Two EpiPen auto-injectors used for treatment of allergic reactions. (Photo: Amy Kerkemeyer/ Two EpiPen auto-injectors used for treatment of allergic reactions. (Photo: Amy Kerkemeyer/


Already under scrutiny from lawmakers over pricing of its EpiPen epinephrine injector, Mylan faces new lawsuits from consumers and a competitor in New Jersey federal courts accusing it of taking anti-competitive actions to protect its product’s market share.

Sanofi-Aventis U.S. sued Mylan on April 24, seeking reimbursement for lost sales of its competing product. And Mylan was sued on April 7 on behalf of a putative class of consumers who accuse the company of conspiring with others to eliminate competition for the EpiPen. Both suits assert that Mylan paid bonuses to insurance companies, benefit managers and other third-party payors if they refused to reimburse users of competing products, including Auvi-Q, an epinephrine injector introduced by Sanofi in 2013.

The New Jersey suits come on the heels of similar litigation in California, Ohio, Michigan and elsewhere, targeting Mylan’s business practices concerning the EpiPen. Mylan has been mired in controversy over the price of its product, which ranged around $75 to $100 per dose from 2001 to 2008 but reached $600 per dose in 2016.

EpiPen and Auvi-Q both allow users to self-administer an injection of epinephrine to treat anaphylaxis, a potentially fatal condition caused by food allergies, insect bites and other causes. But EpiPen resembles a large felt-tip marker while Auvi-Q is the size of a credit card and the thickness of a smartphone. In addition, Auvi-Q provides users with audio instructions for administering the drug. The more advanced design of the Auvi-Q raised hopes that it would gain market share from EpiPen, according to the Sanofi suit. But Mylan’s anti-competitive actions have caused Auvi-Q’s market share to fall from 13 percent in 2013 to 7 percent in 2014, the Sanofi suit said.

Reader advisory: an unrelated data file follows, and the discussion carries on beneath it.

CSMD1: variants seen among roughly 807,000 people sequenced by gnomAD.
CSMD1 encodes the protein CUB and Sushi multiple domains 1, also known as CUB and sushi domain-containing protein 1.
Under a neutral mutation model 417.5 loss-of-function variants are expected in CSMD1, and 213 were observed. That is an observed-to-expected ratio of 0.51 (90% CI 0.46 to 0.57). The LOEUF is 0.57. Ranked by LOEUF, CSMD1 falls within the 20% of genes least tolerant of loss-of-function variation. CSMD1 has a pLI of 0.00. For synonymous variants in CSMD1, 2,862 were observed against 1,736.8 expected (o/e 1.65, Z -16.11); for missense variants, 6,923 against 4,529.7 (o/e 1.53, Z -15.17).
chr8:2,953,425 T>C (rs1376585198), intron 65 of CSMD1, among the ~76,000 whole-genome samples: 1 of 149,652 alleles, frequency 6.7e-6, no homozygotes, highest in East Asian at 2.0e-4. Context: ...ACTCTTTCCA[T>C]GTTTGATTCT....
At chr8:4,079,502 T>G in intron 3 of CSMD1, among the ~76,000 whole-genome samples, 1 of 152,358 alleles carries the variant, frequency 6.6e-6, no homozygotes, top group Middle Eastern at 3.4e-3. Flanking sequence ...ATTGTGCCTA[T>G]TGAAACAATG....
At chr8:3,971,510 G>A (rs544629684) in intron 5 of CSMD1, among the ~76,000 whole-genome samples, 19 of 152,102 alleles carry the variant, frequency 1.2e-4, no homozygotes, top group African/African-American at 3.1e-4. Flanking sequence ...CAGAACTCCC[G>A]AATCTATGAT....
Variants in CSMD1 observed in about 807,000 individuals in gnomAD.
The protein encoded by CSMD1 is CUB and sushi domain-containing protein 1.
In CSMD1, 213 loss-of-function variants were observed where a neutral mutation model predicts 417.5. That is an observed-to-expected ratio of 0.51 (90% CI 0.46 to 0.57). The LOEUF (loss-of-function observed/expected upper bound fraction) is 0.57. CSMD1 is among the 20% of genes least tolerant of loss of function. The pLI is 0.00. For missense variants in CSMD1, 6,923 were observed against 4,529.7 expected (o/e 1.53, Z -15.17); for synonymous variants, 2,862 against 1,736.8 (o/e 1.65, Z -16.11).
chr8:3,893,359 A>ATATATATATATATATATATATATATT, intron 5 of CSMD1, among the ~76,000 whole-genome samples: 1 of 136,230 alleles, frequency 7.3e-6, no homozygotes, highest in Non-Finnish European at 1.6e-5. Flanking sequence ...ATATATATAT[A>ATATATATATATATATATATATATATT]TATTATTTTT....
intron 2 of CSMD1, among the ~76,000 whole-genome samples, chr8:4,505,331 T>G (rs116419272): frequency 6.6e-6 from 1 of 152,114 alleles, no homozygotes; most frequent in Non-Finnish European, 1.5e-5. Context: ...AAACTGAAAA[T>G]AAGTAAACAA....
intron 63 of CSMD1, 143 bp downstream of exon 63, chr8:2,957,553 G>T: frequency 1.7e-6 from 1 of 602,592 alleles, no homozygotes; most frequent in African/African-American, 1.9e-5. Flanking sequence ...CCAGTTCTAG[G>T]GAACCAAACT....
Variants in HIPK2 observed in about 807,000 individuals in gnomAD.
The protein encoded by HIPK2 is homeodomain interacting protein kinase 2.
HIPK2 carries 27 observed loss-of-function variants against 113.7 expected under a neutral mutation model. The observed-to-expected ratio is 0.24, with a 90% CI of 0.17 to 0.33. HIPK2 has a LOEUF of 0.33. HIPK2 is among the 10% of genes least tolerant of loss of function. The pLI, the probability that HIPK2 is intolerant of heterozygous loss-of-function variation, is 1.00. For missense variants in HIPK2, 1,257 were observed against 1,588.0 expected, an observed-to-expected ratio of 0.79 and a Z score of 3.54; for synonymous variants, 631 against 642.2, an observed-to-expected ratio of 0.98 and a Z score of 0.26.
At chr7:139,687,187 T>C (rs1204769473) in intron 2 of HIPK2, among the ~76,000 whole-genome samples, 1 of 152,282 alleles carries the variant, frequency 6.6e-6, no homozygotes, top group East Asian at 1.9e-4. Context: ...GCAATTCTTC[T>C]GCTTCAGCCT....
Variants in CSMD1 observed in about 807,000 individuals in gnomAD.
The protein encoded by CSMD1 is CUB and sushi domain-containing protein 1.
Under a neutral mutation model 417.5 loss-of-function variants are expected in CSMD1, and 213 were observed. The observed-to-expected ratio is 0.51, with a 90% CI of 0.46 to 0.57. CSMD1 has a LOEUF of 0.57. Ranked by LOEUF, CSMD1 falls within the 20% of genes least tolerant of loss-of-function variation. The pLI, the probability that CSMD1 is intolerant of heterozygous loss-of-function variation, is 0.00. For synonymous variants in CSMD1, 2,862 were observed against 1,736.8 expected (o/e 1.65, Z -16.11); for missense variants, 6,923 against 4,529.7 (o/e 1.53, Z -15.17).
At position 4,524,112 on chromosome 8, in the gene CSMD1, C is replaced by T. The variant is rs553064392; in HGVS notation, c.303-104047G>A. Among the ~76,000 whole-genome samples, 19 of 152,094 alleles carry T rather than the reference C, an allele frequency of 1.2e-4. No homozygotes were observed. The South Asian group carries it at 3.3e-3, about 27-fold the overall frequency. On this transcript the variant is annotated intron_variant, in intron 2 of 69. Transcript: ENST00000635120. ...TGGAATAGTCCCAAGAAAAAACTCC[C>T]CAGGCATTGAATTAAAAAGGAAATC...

“Quite simply, Mylan used its monopoly power in the U.S. [epinephrine auto-injector] drug device market to exclude Auvi-Q and maintain its monopoly,” the Sanofi suit said.

Mylan, of Canonsburg, Pennsylvania, also gave discounts to schools that kept the EpiPen on hand if they agreed in writing not to use competing devices such as Auvi-Q, the Sanofi suit said. Sanofi sought to offer discounts of its own, but after the Auvi-Q was recalled in 2015 due to manufacturing defects, the company took it off the U.S. market, the suit claims.

Sanofi’s suit brings three counts for violation of the Sherman Act against Mylan, and seeks treble damages from Mylan for the damages caused by its illegal conduct. Sanofi U.S. is headquartered in Bridgewater.

The putative class action on behalf of consumers raises two Sherman Act counts, claims under state laws for monopolization and for consumer protection, and unjust enrichment and disgorgement. In addition to Mylan, the consumer case names as defendants Pfizer and two of its subsidiaries, King Pharmaceuticals and Meridian Medical Technologies, which, the complaint says, manufacture and supply EpiPens to Mylan.

Diane Sullivan of Weil, Gotshal & Manges in Princeton, who represents Sanofi, did not return a call. Nor did James Cecchi of Carella, Byrne, Cecchi, Olstein, Brody & Agnello in Roseland, local counsel in the consumer class action. The consumer class is also represented by Boies Schiller Flexner in New York; Robbins Geller Rudman & Dowd in Boca Raton, Florida; and Goldman, Scarlato & Penny in Conshohocken, Pennsylvania. Mylan and Pfizer did not respond to requests for comment about the suits.